April 23, 2014
Coach Pizzi’s leaving justified
Juan Antonio Pizzi’s breaking his contract with San Lorenzo and leaving to coach Valencia in Spain barely a week after winning the Initial Championship with the club is justified although many may disagree. Obviously, San Lorenzo must be paid to release him, either by the coach or Valencia, but if they are not, it would only be a fair deal. Argentine clubs fire coaches by breaking their contracts with them all the time, but rarely pay the coach the remainder of his contract. In most cases, only long legal proceedings result in some payment in installments — often less than originally owed — or none at all.
Hardly any coaches owe allegiance to clubs, but then nor do the players, but Pizzi’s leaving also has other reasons. He knows that although he has just won a title, the club owes him no allegiance either. If next year he loses a few games — after some good players may have been sold without his agreement — he will most likely be fired, having his contract broken more quickly than in most other countries. San Lorenzo’s Vice-President Marcelo Tinelli exclaimed: “He can’t do this to me,” but surely he would have done it to Pizzi under different circumstances.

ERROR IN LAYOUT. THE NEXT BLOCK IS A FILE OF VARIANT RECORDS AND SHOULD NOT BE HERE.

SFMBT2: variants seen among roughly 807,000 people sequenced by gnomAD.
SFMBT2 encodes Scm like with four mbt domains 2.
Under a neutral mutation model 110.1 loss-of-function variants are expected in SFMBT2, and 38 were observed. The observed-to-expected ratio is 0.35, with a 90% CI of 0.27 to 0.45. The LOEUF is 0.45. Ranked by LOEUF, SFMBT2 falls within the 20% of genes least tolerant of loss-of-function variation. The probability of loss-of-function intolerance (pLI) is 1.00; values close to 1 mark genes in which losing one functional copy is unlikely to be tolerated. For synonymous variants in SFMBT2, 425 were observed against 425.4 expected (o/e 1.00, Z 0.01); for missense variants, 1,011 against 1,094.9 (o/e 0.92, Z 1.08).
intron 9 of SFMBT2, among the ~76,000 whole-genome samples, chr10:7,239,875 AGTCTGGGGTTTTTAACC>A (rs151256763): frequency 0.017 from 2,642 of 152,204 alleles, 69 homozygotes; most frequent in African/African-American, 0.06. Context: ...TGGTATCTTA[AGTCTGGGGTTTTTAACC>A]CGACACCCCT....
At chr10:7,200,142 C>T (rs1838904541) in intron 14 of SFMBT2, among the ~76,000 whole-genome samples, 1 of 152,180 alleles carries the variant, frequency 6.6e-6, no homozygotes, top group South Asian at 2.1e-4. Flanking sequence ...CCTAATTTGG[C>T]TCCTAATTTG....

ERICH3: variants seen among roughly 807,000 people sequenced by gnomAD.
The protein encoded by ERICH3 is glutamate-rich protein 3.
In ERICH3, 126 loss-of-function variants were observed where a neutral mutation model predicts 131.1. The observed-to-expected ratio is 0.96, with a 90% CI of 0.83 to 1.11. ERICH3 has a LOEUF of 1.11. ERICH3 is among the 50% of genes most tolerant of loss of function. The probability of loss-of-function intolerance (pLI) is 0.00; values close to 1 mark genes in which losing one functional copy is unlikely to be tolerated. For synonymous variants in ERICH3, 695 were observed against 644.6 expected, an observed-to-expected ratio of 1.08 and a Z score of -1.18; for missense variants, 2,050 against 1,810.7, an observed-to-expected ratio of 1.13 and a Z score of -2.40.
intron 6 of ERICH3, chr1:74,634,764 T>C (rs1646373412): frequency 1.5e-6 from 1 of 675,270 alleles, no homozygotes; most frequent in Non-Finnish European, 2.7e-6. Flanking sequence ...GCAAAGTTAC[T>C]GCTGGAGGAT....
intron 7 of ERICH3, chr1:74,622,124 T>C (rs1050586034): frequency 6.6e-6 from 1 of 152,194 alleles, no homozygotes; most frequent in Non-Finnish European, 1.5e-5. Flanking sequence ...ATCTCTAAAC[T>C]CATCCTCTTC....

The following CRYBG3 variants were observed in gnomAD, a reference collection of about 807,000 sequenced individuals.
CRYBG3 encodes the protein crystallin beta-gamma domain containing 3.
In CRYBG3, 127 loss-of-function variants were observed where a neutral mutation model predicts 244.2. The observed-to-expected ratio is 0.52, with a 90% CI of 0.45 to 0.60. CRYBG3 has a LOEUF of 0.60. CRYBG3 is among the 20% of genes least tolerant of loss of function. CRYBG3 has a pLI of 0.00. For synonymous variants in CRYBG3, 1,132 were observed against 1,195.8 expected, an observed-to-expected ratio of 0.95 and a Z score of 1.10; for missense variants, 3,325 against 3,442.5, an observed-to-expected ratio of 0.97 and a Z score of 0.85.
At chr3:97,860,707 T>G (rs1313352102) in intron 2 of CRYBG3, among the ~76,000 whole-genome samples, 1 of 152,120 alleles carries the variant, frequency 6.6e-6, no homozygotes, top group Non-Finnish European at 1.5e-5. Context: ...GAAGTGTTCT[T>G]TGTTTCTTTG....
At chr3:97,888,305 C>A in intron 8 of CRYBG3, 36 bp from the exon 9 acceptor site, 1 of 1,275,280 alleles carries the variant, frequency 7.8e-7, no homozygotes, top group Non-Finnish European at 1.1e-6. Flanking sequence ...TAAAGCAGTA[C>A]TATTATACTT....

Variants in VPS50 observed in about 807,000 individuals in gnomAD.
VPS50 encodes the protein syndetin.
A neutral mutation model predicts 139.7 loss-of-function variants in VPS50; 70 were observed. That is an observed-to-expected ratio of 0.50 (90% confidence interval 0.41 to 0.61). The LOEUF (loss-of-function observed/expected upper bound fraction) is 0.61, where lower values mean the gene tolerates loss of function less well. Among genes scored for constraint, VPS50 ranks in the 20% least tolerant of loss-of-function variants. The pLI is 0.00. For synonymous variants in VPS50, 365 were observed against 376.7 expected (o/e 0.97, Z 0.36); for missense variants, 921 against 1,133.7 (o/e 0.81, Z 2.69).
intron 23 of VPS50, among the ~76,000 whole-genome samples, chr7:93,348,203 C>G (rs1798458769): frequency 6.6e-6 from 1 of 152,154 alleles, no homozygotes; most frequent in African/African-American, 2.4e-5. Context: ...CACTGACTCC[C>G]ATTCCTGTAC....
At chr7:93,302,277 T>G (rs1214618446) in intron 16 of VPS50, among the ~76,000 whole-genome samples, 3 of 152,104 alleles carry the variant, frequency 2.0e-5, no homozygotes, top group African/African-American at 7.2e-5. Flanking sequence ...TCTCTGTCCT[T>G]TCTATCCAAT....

Pizzi had played in Spain, even for the national team, and lived there for a long time, his children being born and grew up there. Pizzi always hoped to coach there also, apart from the obvious fact that Valencia was paying him a lot more than he could earn in impoverished Argentine soccer. Yet many would like to go with him, not only because of the better pay. They are fed up with local soccer with its bad organization, lack of stability and safety which police do nothing about, the hooligan gangs, corruption, the stressful atmosphere, etc. Who can blame them?
TWO HEROES. Argentine Gerardo Martino and Spain’s Pep Guardiola took the dangerous step this year of signing for highly successful clubs in other countries. They were on a hiding to nothing, because they could hardly improve their new teams but would be judged a failure if they did not keep up their high standard.
Martino took over at Barcelona and was soon criticized for no apparent reason, except perhaps that in Spain they prefer coaches from their own country. But Barcelona were still top of the first division and have chances in other competitions. Yet Martino was last week considering his future at Barcelona.
Guardiola left Barcelona for Bayern Munich which has just won the Club World Cup to add to that of the European Champions Trophy, apart from a comfortable lead again in the German first division. Guardiola won 16 club title in less than 4 1/2 years.
Both made the grade, yet both are heroes for taking on the job in the first place.